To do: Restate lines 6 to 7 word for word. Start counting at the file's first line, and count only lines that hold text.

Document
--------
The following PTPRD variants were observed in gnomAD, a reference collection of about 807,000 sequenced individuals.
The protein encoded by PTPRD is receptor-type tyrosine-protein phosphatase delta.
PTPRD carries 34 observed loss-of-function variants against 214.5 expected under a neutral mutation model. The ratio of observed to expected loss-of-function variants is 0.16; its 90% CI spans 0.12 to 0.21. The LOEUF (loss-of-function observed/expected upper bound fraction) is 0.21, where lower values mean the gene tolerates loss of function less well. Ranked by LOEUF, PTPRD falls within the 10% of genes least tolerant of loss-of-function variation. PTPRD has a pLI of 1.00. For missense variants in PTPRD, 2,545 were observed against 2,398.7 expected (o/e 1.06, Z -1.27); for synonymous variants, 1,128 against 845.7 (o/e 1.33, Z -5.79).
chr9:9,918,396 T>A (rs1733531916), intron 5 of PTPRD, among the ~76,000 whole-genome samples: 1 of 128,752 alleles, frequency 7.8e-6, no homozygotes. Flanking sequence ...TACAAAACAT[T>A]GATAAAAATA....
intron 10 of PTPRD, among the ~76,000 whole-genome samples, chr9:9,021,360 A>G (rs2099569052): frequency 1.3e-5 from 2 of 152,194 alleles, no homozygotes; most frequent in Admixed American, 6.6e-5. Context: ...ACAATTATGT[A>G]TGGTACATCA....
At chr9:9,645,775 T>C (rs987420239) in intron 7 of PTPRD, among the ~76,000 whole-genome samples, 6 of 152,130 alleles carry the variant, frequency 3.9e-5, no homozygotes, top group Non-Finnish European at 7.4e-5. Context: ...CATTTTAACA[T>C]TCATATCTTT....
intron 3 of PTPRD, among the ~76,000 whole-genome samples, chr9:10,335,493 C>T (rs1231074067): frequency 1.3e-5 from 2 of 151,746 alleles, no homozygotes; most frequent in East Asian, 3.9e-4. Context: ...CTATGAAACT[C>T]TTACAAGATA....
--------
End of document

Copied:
At chr9:9,645,775 T>C (rs987420239) in intron 7 of PTPRD, among the ~76,000 whole-genome samples, 6 of 152,130 alleles carry the variant, frequency 3.9e-5, no homozygotes, top group Non-Finnish European at 7.4e-5. Context: ...CATTTTAACA[T>C]TCATATCTTT....
intron 3 of PTPRD, among the ~76,000 whole-genome samples, chr9:10,335,493 C>T (rs1231074067): frequency 1.3e-5 from 2 of 151,746 alleles, no homozygotes; most frequent in East Asian, 3.9e-4. Context: ...CTATGAAACT[C>T]TTACAAGATA....